Bankruptcy judge Kevin Carey approved the Tribune Company's exclusivity extension request, allowing the company until the end of March to resolve outstanding issues delaying the company's emergence from bankruptcy and present an effective reorganization plan. The main point of contention is an $8.2 billion leveraged buyout in 2007 that according to an official committee of unsecured creditors, left the company bankrupt. The unsecured creditors are requesting permission to file a lawsuit against the holders of the secured claims for their role in the leverage buyout. Furthermore, the unsecured creditors are accusing secured creditors of intentionally using the leveraged buyout when they knew it would leave the Tribune Company insolvent. If the committee of unsecured creditors wins their lawsuit, billions of dollars in secured claims will be disallowed in the Tribune Chapter 11 bankruptcy.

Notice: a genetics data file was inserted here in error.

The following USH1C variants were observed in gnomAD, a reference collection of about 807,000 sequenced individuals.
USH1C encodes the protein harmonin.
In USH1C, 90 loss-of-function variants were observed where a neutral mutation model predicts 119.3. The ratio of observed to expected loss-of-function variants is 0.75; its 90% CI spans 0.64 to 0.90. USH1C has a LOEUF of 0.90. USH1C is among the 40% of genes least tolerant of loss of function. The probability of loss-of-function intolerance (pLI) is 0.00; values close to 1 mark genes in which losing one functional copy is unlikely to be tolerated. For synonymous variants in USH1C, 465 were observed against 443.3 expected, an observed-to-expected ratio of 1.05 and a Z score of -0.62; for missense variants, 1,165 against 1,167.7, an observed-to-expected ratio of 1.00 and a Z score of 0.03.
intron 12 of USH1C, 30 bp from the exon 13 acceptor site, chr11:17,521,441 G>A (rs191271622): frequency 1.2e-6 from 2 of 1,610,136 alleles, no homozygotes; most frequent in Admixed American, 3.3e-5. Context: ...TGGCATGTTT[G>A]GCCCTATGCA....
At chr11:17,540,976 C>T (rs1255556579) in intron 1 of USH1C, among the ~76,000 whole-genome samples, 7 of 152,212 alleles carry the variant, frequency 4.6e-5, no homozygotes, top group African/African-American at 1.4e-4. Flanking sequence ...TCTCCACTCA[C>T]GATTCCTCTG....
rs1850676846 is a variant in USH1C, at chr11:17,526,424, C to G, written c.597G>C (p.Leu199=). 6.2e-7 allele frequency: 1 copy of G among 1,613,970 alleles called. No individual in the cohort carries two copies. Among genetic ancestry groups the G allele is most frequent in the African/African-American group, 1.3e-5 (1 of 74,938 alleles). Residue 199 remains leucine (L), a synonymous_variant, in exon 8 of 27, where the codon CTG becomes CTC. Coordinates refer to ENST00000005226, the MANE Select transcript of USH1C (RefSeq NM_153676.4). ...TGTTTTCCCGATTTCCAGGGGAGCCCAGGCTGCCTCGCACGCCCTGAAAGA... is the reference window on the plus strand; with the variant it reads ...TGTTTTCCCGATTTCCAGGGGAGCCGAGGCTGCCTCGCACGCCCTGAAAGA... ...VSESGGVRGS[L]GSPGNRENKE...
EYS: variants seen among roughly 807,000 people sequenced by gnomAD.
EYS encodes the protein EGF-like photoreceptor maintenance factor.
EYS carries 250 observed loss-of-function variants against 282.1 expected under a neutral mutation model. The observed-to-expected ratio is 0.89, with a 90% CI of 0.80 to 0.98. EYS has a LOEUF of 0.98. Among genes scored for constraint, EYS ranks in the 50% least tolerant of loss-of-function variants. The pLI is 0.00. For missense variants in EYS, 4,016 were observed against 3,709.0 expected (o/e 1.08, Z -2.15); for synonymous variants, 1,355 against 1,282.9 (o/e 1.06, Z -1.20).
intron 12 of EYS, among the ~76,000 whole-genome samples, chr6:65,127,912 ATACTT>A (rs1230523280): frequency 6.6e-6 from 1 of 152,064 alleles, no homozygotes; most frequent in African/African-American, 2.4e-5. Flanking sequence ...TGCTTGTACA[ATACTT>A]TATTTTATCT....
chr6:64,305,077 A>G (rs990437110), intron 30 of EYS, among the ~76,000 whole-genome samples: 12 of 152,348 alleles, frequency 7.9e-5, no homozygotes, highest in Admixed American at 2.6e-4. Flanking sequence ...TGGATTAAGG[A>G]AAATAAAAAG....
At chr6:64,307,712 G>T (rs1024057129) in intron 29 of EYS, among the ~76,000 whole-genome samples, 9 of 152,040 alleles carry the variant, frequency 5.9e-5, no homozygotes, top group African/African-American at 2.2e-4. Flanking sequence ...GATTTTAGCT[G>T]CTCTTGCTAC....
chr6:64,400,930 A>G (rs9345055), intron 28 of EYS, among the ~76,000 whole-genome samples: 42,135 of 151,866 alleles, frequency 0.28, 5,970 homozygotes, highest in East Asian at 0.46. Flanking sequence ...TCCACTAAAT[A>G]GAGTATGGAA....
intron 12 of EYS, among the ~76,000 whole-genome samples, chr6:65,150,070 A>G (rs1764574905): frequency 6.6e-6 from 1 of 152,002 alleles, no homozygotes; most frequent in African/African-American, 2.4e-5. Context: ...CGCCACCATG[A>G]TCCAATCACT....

If the Tribune company is unable to resolve its dispute with the committee of unsecured creditors before the end of March, many analysts are predicting the equivalent of World War III in the Tribune's Chapter 11 bankruptcy. At the end of the exclusivity period, creditors will have an opportunity to present competing reorganization plans and by April (if the leveraged buyout dispute is not resolved) the committee of unsecured creditors may be given the right to litigate their claims. Such litigation during a bankruptcy can cause serious delays at best and even threaten the survival of the bankrupt company depending on how the issue is handled. In the case of Chapter 11 bankruptcy, it is always best to resolve outstanding issues as quickly as possible. The fact that this leveraged buyout issue has not been resolved in the Tribune's Chapter 11 bankruptcy is definitely cause for alarm.